Later, Tansey turned to the Alzheimer’s unit of Brandywine Assisted Living Center. She gave hand massages to the residents of the facility on Route 54.
“When you’re disabled, when you’re dying, it’s all about touch,” Tansey said, who also taught hand massage to spouses so they could communicate to the end.
She’s beginning a Stockley Center program for the blind, as well.
Life on her terms
“I loved every minute of it with Galen,” she said. “We didn’t depend on anyone.”
Catching rides with DART paratransit, Tansey still lives life on her terms.
“I do love my life. It’s very different than I thought.”
Today, she sits on an armchair, looking sharp from her curly head to black ankle boots. The room is like a country garden, with decorative birdcages and paintings of farms, flowers and vines.
She designed this addition to her home, although she’s never seen it.
Tansey gets regular human help around the house, but in blindness, she gardens and does her own makeup. She’s been to France, and “You can’t say that I didn’t see it.”
Galen has been her constant companion on planes and trolleys, in the voting booth and at the University of Delaware’s lifelong learning classes.
Then, a year ago, Galen became ill.
She brought him daffodils, played opera and rubbed his paws, just like any other patient. And Galen got better.
But he’s still an old dog, especially for a large breed, although the Seeing Eye has increased their dogs’ service longevity and “nearly eradicated hip dysplasia” through breeding. Galen’s career has exceeded the average by nearly four years.
Now he pads slowly around the house, happy for attention, no longer leaping into cars with the ease of his younger self. His hips have gotten tired of walking for 13 years, so he takes the lift onto DART busses.
Making the leap
Despite such meticulous training, a Labrador retriever still wants to run, swim and eat people-food.
“Dogs are still dogs,” Barlak said. “They’re dogs first.”
Though stunned when he first saw the ocean, Galen now longs to play in the water. In summer, he lies dutifully under his own umbrella, though he once had to be coaxed from the pond with a hotdog.
“He has to be watching me constantly,” Tansey said.
“The dog has a job to do,” Barlak said. That’s why they’re discouraged from running around too much or interacting with many people or dogs on the street. “It’s important to ignore the dog. Do not pet the dog or make eye contact with the dog. … If the dog is focused on you, it’s not focused” on its owner.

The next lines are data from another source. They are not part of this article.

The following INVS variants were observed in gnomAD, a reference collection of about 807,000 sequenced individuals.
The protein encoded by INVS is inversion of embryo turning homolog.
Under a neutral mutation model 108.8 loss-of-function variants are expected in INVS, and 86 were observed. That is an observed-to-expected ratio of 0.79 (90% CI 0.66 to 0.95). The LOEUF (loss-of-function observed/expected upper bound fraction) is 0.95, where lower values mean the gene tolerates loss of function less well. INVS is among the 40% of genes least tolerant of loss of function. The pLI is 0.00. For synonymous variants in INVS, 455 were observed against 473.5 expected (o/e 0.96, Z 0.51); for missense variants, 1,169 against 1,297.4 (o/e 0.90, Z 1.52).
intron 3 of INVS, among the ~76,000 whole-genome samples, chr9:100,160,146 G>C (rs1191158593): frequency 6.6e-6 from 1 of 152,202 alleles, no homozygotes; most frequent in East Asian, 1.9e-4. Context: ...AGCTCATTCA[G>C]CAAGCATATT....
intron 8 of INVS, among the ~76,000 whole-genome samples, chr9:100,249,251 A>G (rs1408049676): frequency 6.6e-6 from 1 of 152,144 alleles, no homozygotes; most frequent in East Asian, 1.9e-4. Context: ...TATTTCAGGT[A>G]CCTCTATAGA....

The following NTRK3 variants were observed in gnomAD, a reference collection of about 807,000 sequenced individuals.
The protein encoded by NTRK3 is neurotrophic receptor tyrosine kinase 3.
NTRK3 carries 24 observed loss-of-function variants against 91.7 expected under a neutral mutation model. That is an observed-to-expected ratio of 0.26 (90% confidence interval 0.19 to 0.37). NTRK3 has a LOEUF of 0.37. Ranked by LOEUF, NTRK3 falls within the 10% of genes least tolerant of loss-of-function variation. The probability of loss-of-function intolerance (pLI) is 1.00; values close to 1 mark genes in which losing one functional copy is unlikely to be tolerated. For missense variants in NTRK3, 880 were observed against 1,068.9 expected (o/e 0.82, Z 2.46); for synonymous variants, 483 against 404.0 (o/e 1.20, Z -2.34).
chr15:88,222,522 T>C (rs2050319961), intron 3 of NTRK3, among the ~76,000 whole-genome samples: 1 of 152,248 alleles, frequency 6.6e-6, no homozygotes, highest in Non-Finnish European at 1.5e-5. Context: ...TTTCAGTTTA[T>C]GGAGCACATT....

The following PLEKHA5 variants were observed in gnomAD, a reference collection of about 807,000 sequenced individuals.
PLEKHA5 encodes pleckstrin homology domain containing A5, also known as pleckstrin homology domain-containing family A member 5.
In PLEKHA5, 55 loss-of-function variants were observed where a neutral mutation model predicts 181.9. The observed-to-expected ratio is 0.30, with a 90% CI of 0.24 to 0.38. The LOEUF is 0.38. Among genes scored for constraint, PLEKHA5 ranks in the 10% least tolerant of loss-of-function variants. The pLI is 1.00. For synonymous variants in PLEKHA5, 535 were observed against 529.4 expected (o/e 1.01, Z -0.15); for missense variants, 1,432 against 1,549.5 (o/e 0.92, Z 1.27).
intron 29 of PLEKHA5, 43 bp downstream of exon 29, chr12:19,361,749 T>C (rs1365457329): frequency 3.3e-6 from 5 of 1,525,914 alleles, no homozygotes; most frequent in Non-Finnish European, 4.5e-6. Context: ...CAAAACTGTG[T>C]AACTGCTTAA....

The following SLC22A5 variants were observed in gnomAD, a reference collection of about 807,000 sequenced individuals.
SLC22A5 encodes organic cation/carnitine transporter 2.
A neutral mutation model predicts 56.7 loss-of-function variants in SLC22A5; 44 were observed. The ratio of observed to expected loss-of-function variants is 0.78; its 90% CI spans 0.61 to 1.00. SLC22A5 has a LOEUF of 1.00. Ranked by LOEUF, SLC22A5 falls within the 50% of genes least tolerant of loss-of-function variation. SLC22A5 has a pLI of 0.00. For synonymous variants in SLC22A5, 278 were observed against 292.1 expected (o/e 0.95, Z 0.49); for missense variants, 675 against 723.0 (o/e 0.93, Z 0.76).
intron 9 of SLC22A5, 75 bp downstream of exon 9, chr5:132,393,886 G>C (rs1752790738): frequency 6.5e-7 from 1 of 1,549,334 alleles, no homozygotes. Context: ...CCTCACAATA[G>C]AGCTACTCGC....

But Tansey said Galen’s approachability has been a good thing.
Just as Galen was a comforting link for those hospice patients, he has eased Tansey into outside situations. People see a lady walking her shaggy black Lab. They focus immediately on the friendly dog instead of the blindness.
“It puts me at ease to be part of the world, to talk about my dog and what he does for me,” Tansey said. “Everybody loves him. He’s been a celebrity about town for 12 years.”
Someone once hollered across the street, “There’s Galen!” To this day, she doesn’t know who.
She called Galen her “greatest God-given gift,” besides her grandchildren, who find it perfectly natural that their grandmother should have a Seeing Eye dog, and ‘What — yours doesn’t?’
“When you only do cane travel or guide, it’s a neon sign: ‘I’m blind.’ When you have a dog, it allows you to … depend on someone other than a person,” she said.
“I can’t see my life without a Seeing Eye dog, and he’s had the experience of living life with me to the fullest,” Tansey said. “It’s a shame you have to go blind to get a Seeing Eye dog.”
Life hasn’t been easy for Tansey. Her initial blindness training came with plenty of bumps, bruises and much worse. But it hasn’t stopped her from living a meaningful life.
“Every day is a new challenge… and I embrace it.”
In spring, Tansey will return to Morristown to train with a new dog. And, although he’s officially out of the harness, Galen will live comfortably in Bethany Beach until the end of his days.
And he will finally get to play in the sea.